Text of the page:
Heritage Hill State Park accepts selected donations for its artifact and archival collections. Before we accept an item into the collection, it is reviewed by our Artifacts Committee. Not everything is accepted.
If you are interested in donating to our collection, please first read the information below, and then fill out our Object Donation Form (link is at the bottom of the page).
What types of items does Heritage Hill collect?
We collect items that were made or used in northeastern Wisconsin that have significance to the buildings we exhibit. Ideally, we would know where the item was created and used, when it was created, who created it, and who the owner was. Some examples include:
- Historic objects
- Oral histories
- Business records
- Period-appropriate clothing
What types of items does Heritage Hill typically NOT collect?
We usually do not accept:
- Family bibles
- Newspapers or newspaper clippings
- Wedding dress
- Christening Gowns
- Unidentified photographs
- Items from outside our geographic region
Currently, we are not accepting the following items, due to duplicates in our collection:
- Historic sewing machines
- Oil lamps and lanterns
- Pianos or organs
- Couches (and other living room/parlor furniture)
How do I donate objects, images, or documents to the collection?
The best way to start is to fill out our online Object Donation Form. The more information you can provide about your item(s), the better. Once your information has been reviewed, a member of the Artifacts Committee will follow up with you, and if needed, schedule an appointment to learn more about your item(s). Please understand the response may not be immediate due to limited staff and committee members.
Can I send or bring my item(s) to the park immediately?
No, please submit the Object Donation Form first. An appointment is needed so a staff or committee member can take the time to talk with you and examine your item(s). We do not have staff available to handle unscheduled donations. Heritage Hill reserves the right to dispose of any unsolicited materials delivered to the park.
How does Heritage Hill decide to accept a donation?
Staff assess an item’s historical significance to northeastern Wisconsin, its physical condition, its history of ownership and use, and if we already have something similar in our collection. The length of the evaluation process depends on the item(s), and the staff and committee members’ schedules. The entire process may take a few months, and we thank you for your patience.
What happens to my item(s) after the donation?
By signing our deed of gift, you are transferring ownership of your item(s) to Heritage Hill, and guaranteeing that the item was legally yours to give. Once the donation is complete, the item is assigned an identification number (if it will not be used for interactive purposes), cataloged, and given a home, whether this is on display or for sure in one of our buildings or in our artifact collection.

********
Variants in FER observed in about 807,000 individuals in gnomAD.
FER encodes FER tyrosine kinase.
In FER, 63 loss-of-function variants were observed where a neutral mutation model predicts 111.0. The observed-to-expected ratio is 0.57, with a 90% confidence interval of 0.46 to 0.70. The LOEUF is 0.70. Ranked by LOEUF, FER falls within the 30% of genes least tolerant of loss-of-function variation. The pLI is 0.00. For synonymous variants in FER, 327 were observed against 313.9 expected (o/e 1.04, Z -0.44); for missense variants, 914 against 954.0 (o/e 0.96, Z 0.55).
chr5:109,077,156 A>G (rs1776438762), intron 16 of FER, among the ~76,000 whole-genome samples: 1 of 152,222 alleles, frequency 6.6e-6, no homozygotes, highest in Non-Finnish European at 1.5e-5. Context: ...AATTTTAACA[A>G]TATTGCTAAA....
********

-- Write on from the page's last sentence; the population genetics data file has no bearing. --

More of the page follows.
Will my item(s) be on display?
We do not guarantee your item will be displayed in a building or exhibit. Items not on display are preserved in our secure, climate-controlled storage area. Your item will also be available to researchers and future exhibitions.
Can Heritage Hill appraise the monetary value of my item?
No. The IRS considers museums to be an interested party, so we are not allowed to appraise items. If you would like your item valued, please consult a professional appraiser. The following are resources to find an appraiser:
Can I use my donation as a tax deduction?
Heritage Hill is a 501.c.3 organization, so your donation is generally tax deductible. To ensure that you receive the maximum tax benefit, we recommended that you consult with your own accountant, attorney, and/or the IRS. Value of the donation cannot be determined by the Heritage Hill.
If I donate (or my ancestor donated) materials to Heritage Hill, can they be returned to me at my request?
Items that have been formally accepted into the collection cannot be returned to the donor or their descendants. At the end of the donation process, donors sign a Deed of Gift which legally transfers ownership of the materials, as well as all associated rights and interests, to Heritage Hill.
If I’m not interested in donating my historic item, how can I best care for it?
There are some online resources that provide tips for how to care for different types of historic items. Here are a few good places to start to learn about preserving your heirlooms:
- American Institute for Conservation
- National Park Service
- Minnesota Historical Society
- Smithsonian Museum Conservation Institute